The Supreme Court ruled unanimously against police who seized a man's guns from his house without a warrant

The Supreme Court ruled unanimously against police who seized a man's guns from his house without a warrant
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US Supreme Court
The US Supreme Court building is seen in Washington, DC, on May 15, 2021. DANIEL SLIM/AFP via Getty Images
  • The Supreme Court sided with a man whose guns were taken by police without a warrant.

  • Edward Caniglia had agreed to a psychiatric evaluation, but police returned to his home and took his weapons.

  • Supreme Court Justice Clarence Thomas said a "community caretaking" rule did not apply.

  • See more stories on Insider's business page.

The US Supreme Court in a unanimous ruling Monday decided in favor of a Rhode Island man who sued after police seized his weapons without obtaining a warrant.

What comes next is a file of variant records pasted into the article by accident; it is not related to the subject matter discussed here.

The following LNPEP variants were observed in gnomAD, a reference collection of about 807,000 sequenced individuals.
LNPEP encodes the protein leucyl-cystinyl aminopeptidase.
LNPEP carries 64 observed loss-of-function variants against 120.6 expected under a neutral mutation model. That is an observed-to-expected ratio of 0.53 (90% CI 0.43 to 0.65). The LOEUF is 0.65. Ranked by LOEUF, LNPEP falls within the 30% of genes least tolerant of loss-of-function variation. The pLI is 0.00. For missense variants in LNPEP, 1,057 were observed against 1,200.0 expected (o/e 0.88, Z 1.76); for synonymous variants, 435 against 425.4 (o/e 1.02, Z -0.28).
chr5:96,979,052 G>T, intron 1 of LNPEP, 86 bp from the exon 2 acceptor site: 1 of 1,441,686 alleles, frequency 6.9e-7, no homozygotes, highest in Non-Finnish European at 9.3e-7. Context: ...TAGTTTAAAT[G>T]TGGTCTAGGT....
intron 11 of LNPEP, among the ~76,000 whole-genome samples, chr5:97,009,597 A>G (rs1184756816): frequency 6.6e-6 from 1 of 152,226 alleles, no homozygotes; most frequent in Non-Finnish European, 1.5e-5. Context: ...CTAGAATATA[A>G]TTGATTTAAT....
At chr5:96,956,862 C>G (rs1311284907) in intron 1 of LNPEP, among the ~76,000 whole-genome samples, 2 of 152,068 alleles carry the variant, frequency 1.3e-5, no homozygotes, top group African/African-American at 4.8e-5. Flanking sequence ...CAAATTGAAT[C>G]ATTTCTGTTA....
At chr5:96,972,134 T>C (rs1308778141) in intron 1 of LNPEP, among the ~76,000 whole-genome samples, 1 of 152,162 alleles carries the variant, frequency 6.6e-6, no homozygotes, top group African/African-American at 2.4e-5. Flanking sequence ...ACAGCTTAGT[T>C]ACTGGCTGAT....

The case centered on the idea that police have the ability to engage in "community caretaking functions," but Justice Clarence Thomas in the majority opinion wrote the lower court's interpretation of the "community caretaking" rule "goes beyond anything this Court has recognized."

"What is reasonable for vehicles is different from what is reasonable for homes," Justice Clearance Thomas wrote.

During a 2015 argument with his wife, Edward Caniglia put a handgun on his table and told his wife to "shoot [him] and get it over with." His wife left and spent that night in a hotel, but called police for a welfare check when she was unable to reach him in the morning, according to court documents.

When she and officers of the Cranston Police Department arrived at the home, Caniglia agreed to go to the hospital for a psychiatric evaluation so long as the police did not take his weapons. But after he left for the evaluation, police entered the home and took his two handguns.

Caniglia sued and said officers had violated his Fourth Amendment right because they did not have a warrant to enter his home and search for the weapons. The lower court had dismissed his case.

The Supreme Court ordered the Boston 1st US Circuit Court of Appeals to reconsider its decision to dismiss the lawsuit filed by Caniglia against police.

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